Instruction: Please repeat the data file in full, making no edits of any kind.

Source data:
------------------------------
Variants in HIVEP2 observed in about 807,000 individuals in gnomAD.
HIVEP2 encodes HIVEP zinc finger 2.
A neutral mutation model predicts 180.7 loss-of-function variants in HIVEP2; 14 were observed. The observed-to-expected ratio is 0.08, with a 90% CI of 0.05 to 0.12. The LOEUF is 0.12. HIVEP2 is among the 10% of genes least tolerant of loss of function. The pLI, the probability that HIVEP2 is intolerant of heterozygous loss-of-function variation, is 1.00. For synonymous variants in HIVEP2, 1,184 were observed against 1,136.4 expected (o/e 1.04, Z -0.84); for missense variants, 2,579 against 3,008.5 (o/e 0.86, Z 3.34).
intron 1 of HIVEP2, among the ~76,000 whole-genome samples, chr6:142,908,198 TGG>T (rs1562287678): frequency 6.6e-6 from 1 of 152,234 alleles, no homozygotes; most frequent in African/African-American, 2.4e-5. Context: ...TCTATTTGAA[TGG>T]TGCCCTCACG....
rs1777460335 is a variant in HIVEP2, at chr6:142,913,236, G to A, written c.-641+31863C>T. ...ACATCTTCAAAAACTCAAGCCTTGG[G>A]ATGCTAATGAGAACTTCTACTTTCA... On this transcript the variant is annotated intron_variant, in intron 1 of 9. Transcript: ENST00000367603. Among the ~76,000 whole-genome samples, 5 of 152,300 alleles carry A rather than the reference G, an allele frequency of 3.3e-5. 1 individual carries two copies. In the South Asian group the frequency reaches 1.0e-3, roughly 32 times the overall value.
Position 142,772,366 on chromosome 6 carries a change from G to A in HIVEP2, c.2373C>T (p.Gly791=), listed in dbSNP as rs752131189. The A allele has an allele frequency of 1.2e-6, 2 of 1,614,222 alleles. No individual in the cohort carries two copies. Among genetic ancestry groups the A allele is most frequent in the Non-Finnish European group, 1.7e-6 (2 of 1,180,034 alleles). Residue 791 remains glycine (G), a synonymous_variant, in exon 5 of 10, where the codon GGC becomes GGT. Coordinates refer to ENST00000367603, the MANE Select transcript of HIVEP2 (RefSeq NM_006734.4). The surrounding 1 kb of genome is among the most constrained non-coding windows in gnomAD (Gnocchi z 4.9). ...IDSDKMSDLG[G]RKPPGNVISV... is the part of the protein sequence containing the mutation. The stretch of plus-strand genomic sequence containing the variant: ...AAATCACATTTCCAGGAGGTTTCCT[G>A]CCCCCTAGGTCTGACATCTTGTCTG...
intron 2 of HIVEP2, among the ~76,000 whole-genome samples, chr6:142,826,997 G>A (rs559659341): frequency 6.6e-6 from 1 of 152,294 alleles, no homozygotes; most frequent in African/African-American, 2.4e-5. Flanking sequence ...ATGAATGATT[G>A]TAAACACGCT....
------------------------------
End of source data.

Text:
Variants in HIVEP2 observed in about 807,000 individuals in gnomAD.
HIVEP2 encodes HIVEP zinc finger 2.
A neutral mutation model predicts 180.7 loss-of-function variants in HIVEP2; 14 were observed. The observed-to-expected ratio is 0.08, with a 90% CI of 0.05 to 0.12. The LOEUF is 0.12. HIVEP2 is among the 10% of genes least tolerant of loss of function. The pLI, the probability that HIVEP2 is intolerant of heterozygous loss-of-function variation, is 1.00. For synonymous variants in HIVEP2, 1,184 were observed against 1,136.4 expected (o/e 1.04, Z -0.84); for missense variants, 2,579 against 3,008.5 (o/e 0.86, Z 3.34).
intron 1 of HIVEP2, among the ~76,000 whole-genome samples, chr6:142,908,198 TGG>T (rs1562287678): frequency 6.6e-6 from 1 of 152,234 alleles, no homozygotes; most frequent in African/African-American, 2.4e-5. Context: ...TCTATTTGAA[TGG>T]TGCCCTCACG....
rs1777460335 is a variant in HIVEP2, at chr6:142,913,236, G to A, written c.-641+31863C>T. ...ACATCTTCAAAAACTCAAGCCTTGG[G>A]ATGCTAATGAGAACTTCTACTTTCA... On this transcript the variant is annotated intron_variant, in intron 1 of 9. Transcript: ENST00000367603. Among the ~76,000 whole-genome samples, 5 of 152,300 alleles carry A rather than the reference G, an allele frequency of 3.3e-5. 1 individual carries two copies. In the South Asian group the frequency reaches 1.0e-3, roughly 32 times the overall value.
Position 142,772,366 on chromosome 6 carries a change from G to A in HIVEP2, c.2373C>T (p.Gly791=), listed in dbSNP as rs752131189. The A allele has an allele frequency of 1.2e-6, 2 of 1,614,222 alleles. No individual in the cohort carries two copies. Among genetic ancestry groups the A allele is most frequent in the Non-Finnish European group, 1.7e-6 (2 of 1,180,034 alleles). Residue 791 remains glycine (G), a synonymous_variant, in exon 5 of 10, where the codon GGC becomes GGT. Coordinates refer to ENST00000367603, the MANE Select transcript of HIVEP2 (RefSeq NM_006734.4). The surrounding 1 kb of genome is among the most constrained non-coding windows in gnomAD (Gnocchi z 4.9). ...IDSDKMSDLG[G]RKPPGNVISV... is the part of the protein sequence containing the mutation. The stretch of plus-strand genomic sequence containing the variant: ...AAATCACATTTCCAGGAGGTTTCCT[G>A]CCCCCTAGGTCTGACATCTTGTCTG...
intron 2 of HIVEP2, among the ~76,000 whole-genome samples, chr6:142,826,997 G>A (rs559659341): frequency 6.6e-6 from 1 of 152,294 alleles, no homozygotes; most frequent in African/African-American, 2.4e-5. Flanking sequence ...ATGAATGATT[G>A]TAAACACGCT....